Don't wait to deal with heartburn pain

Originally published in The Ottawa Citizen December 10, 2002
Original Title: It’s my heartburn and I’ll cry if I want to

Part II – Ulcer treatment uses medicine and prevention

A common complaint in the family practice setting is bloating and heartburn. Usually the patient suffers with this condition for several months with the hope that it will spontaneously resolve.

Indeed many become chief financial supporters of the TUMS and Rolaids companies before they conclude that they may need more definitive help. As one who has experienced first hand the gnawing, bloating and searing pit-in-your-stomach pain at three o’clock in the morning, all you want to do is to jump out of your body to escape the pain and discomfort. It is a truly helpless feeling.

Many people believe that stomach (peptic) ulcers occur because of an elevation of acid levels. While this is true for some people, it does not tell the whole story.

The stomach is a food reservoir. Its function is to secrete moderately strong acid and enzymes to predigest proteins and sugars. It regulates the rate that this gruel squirts into the initial portion of the small intestine (duodenum) for further digestion and absorption.

The cells lining both the stomach and duodenum have a number of ways of preventing the acid from digesting itself. They secrete a layer of mucous creating a protective barrier against the ravages of the acidic digestive juices. Another defense mechanism is the secretion of an acid neutralizing substance.

With damage to this lining, the acid can cause ulcerations to the stomach and duodenum. The acid can splash up into the lower portion of the esophagus, the tube connecting the throat and stomach, eroding tissue that has no protection from acid at all. Each year, millions of North Americans develop ulcers.

Some people wait longer than they should before consulting their doctor’s advice because the symptoms can be infrequent or are relieved by over-the-counter medications. The problem is that temporary relief does not necessarily prevent ulcer formation.

  • Signs and symptoms of ulcers or excessive acid production include:
  • Pain or discomfort (usually in the upper abdomen)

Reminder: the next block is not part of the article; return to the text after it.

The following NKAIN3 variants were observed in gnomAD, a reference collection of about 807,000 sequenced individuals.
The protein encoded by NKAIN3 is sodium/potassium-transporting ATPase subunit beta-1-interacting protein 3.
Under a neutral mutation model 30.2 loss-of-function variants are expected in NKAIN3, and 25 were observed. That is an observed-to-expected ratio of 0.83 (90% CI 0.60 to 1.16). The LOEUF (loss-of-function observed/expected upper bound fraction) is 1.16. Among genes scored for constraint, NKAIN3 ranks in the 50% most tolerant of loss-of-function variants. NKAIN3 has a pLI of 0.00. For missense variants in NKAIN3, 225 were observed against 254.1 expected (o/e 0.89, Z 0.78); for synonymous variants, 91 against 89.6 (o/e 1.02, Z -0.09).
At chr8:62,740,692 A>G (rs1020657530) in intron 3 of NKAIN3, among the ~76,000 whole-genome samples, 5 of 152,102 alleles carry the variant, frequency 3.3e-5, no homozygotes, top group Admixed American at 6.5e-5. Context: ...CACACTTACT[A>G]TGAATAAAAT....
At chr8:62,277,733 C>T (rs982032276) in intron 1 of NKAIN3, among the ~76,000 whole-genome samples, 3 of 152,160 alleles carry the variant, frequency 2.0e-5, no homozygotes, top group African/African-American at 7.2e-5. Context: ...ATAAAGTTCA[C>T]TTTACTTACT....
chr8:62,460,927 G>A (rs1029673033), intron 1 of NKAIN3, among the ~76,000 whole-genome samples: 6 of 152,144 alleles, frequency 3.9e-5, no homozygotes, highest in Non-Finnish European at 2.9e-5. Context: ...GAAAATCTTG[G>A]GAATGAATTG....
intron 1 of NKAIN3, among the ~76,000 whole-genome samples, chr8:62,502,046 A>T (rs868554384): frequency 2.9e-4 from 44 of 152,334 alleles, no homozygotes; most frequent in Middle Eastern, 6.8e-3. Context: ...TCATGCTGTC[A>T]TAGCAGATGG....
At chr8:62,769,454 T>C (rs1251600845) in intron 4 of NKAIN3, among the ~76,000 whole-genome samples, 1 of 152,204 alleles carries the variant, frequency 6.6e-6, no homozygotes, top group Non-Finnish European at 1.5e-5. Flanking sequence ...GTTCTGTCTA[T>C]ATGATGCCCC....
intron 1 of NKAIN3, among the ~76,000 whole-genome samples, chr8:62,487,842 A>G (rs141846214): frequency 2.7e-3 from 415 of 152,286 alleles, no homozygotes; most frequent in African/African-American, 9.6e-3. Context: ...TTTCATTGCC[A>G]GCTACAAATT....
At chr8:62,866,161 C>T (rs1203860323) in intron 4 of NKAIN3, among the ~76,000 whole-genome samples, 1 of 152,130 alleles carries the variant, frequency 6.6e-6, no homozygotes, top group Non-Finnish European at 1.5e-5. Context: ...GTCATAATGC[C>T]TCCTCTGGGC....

• Bloating
  • An early sense of fullness with eating
  • Lack of appetite
  • Nausea
  • Vomiting
  • Vomiting digested blood that looks like coffee grounds
  • Black and tarry-looking stools (melena) due to a rapidly bleeding ulcer
  • Anemia (blood loss)

Many of the symptoms described above can be due to other diseases. Your doctor will be able to help you determine which condition is responsible.

Although there is a by-the-book symptom list for duodenal ulcers, burning, gnawing, aching pinpoint pain just below the bottom tip of the breastbone, it does not need to be so. Symptoms tend to get better after eating and return about an hour and a half thereafter. These symptoms may worsen after midnight when the stomach usually produces the most acid.

People with stomach or gastric ulcers report more severe pain soon after meals. Eating a meal or taking an antacid does not provide much relief.

The common causes of peptic ulcers are infection and anti-inflammatory medications (NSAIDS) such as Ibuprofen (Advil, Motrin) or Acetylsalicylic Acid (ASA) found in Aspirin and other products.

A bacterium frequently found in the stomach, Helicobacter pylori (H. Pylori), is the most common cause of stomach and duodenal ulcers. About half the world’s population harbours it. It causes the release of some toxic substances and enzymes that disrupt the normal protective mucous layer. The cells erode due to the stomach acid leading to chronic inflammation and for some, ulcers.

NSAIDS are responsible for many instances of peptic ulcer disease (not due to H. Pylori) especially in the elderly. The development of NSAID-induced ulcers depends upon the dose, duration and individual patient medical history.

Smoking, alcohol, and caffeine can irritate the stomach lining through direct chemical damage and stimulating acid production. Alcohol and cigarettes interfere with ulcer healing. Various foods do not seem be a contributing factor to ulcer disease. Although some foods are acidic, they are much weaker than stomach acid and contribute little to ulcer formation.

Ulcers can spontaneously heal or continue to erode and potentially hemorrhage: the most serious complication of peptic ulcers. NSAID-induced ulcers in the elderly may not have many symptoms. Unlike younger adults, they have little reserve capacity to deal with rapid blood loss.

Ulcers can perforate allowing the stomach contents to directly empty into the abdomen.

The diagnosis of peptic ulcer disease is not straightforward because there are disease symptoms that mimic peptic ulcers. These conditions range include non-ulcer dyspepsia (ulcer-like symptoms without a specific cause), abnormal stomach emptying, acid reflux (acid splashing up into the esophagus), gallbladder disease and more rarely, stomach cancer. A thorough medical history and appropriate use of tests can lead to the proper diagnosis.

Next week’s column will review some of the tests, therapies and preventive measures available to treat this common disease. Pass the salsa, extra chilies.

© Dr. Barry Dworkin 2002

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